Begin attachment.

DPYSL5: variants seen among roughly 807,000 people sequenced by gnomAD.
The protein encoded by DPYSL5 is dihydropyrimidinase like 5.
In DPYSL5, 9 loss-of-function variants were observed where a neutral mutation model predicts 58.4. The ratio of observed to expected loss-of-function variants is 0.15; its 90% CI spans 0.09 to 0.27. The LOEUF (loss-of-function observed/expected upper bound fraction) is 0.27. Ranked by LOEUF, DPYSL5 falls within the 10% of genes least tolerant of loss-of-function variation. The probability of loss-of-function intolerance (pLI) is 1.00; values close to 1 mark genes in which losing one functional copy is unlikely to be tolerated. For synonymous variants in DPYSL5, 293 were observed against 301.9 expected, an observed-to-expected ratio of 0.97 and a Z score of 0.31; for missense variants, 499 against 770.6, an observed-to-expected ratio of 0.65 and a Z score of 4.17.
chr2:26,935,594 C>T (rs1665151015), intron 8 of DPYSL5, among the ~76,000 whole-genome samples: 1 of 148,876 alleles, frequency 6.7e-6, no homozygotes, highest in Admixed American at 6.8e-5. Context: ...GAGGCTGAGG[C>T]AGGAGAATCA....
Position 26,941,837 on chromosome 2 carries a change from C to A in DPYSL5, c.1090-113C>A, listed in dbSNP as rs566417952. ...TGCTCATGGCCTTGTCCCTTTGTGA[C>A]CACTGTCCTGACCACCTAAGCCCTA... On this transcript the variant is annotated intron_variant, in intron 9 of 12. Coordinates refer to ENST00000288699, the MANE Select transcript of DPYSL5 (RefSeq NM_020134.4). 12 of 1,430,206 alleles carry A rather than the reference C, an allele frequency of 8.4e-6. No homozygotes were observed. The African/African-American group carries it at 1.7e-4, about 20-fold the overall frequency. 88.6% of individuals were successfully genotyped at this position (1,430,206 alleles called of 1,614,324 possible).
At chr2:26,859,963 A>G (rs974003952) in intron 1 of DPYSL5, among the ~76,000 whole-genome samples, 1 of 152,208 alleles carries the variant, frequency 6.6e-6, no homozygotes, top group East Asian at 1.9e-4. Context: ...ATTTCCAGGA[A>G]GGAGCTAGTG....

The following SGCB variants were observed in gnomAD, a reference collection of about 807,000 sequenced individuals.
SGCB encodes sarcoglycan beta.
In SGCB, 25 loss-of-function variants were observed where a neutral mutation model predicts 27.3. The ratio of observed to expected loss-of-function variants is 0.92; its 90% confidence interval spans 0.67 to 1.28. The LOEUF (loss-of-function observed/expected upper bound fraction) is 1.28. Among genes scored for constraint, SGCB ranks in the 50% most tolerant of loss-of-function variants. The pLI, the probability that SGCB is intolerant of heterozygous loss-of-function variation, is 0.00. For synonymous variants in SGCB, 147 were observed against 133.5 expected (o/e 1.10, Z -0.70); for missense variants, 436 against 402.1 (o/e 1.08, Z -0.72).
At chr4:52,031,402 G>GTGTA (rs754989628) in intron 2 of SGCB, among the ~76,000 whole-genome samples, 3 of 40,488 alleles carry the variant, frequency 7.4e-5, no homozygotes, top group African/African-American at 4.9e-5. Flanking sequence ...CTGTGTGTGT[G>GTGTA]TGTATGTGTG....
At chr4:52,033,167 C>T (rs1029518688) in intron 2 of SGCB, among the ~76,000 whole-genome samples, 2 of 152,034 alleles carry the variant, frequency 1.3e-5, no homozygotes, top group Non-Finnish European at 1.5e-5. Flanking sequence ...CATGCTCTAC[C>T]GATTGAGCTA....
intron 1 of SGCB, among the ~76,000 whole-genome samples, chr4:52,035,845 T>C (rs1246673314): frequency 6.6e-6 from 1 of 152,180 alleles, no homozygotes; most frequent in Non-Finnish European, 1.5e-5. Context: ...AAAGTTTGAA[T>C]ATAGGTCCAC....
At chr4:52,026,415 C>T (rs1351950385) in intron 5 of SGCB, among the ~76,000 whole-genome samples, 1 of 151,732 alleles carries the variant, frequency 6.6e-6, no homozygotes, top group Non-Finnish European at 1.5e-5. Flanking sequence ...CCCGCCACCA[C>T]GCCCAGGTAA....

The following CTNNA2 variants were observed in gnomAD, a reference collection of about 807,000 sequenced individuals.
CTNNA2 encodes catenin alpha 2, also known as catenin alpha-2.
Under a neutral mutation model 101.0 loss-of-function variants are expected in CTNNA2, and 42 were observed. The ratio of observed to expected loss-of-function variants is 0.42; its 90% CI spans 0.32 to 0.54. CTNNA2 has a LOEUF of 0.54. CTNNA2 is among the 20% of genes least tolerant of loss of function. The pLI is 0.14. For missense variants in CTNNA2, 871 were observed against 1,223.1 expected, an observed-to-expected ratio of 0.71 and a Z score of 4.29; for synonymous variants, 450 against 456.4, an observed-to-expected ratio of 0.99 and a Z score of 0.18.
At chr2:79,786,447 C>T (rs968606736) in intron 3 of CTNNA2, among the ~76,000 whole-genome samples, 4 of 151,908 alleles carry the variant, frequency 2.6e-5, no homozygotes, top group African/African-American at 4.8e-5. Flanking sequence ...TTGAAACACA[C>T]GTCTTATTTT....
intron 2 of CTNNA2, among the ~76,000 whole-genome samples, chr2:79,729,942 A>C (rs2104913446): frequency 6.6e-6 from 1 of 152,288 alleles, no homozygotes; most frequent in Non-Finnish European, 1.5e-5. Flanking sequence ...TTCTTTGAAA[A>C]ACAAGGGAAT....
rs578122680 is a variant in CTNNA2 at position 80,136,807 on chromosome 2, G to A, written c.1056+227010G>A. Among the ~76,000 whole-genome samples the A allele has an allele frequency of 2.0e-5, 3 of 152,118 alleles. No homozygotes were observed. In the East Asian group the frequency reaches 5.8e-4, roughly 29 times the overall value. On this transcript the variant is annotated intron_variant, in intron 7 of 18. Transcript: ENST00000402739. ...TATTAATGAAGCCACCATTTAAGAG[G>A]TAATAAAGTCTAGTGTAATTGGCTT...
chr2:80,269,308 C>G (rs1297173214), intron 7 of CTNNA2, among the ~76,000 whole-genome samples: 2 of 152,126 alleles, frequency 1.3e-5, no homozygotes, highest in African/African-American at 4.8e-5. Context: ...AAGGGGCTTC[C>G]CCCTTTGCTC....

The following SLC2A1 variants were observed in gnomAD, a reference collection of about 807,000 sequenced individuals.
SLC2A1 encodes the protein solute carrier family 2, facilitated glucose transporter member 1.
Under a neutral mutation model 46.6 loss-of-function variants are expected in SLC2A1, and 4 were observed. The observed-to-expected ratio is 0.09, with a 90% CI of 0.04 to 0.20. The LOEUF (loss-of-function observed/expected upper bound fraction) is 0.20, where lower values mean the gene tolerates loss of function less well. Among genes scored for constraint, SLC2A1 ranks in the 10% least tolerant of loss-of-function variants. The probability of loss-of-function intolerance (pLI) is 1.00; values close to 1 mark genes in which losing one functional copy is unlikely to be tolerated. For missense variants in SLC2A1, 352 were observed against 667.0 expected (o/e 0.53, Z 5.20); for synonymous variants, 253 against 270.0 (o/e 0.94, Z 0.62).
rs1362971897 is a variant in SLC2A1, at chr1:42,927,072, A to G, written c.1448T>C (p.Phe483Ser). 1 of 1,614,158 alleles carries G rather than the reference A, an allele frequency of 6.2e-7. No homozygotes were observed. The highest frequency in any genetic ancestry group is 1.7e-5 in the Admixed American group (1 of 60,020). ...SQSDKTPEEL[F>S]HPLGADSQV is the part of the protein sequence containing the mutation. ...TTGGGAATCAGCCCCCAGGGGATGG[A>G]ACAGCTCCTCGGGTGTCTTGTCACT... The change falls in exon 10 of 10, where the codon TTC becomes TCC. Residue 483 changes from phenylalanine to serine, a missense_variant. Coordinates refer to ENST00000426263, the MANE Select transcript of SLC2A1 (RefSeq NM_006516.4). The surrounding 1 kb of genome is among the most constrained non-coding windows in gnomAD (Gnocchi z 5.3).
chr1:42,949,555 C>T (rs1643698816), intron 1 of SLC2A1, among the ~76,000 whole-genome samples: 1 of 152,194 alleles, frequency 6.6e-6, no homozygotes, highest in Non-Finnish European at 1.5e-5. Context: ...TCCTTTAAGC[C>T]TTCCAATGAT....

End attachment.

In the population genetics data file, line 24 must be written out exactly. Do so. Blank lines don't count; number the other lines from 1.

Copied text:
rs1362971897 is a variant in SLC2A1, at chr1:42,927,072, A to G, written c.1448T>C (p.Phe483Ser). 1 of 1,614,158 alleles carries G rather than the reference A, an allele frequency of 6.2e-7. No homozygotes were observed. The highest frequency in any genetic ancestry group is 1.7e-5 in the Admixed American group (1 of 60,020). ...SQSDKTPEEL[F>S]HPLGADSQV is the part of the protein sequence containing the mutation. ...TTGGGAATCAGCCCCCAGGGGATGG[A>G]ACAGCTCCTCGGGTGTCTTGTCACT... The change falls in exon 10 of 10, where the codon TTC becomes TCC. Residue 483 changes from phenylalanine to serine, a missense_variant. Coordinates refer to ENST00000426263, the MANE Select transcript of SLC2A1 (RefSeq NM_006516.4). The surrounding 1 kb of genome is among the most constrained non-coding windows in gnomAD (Gnocchi z 5.3).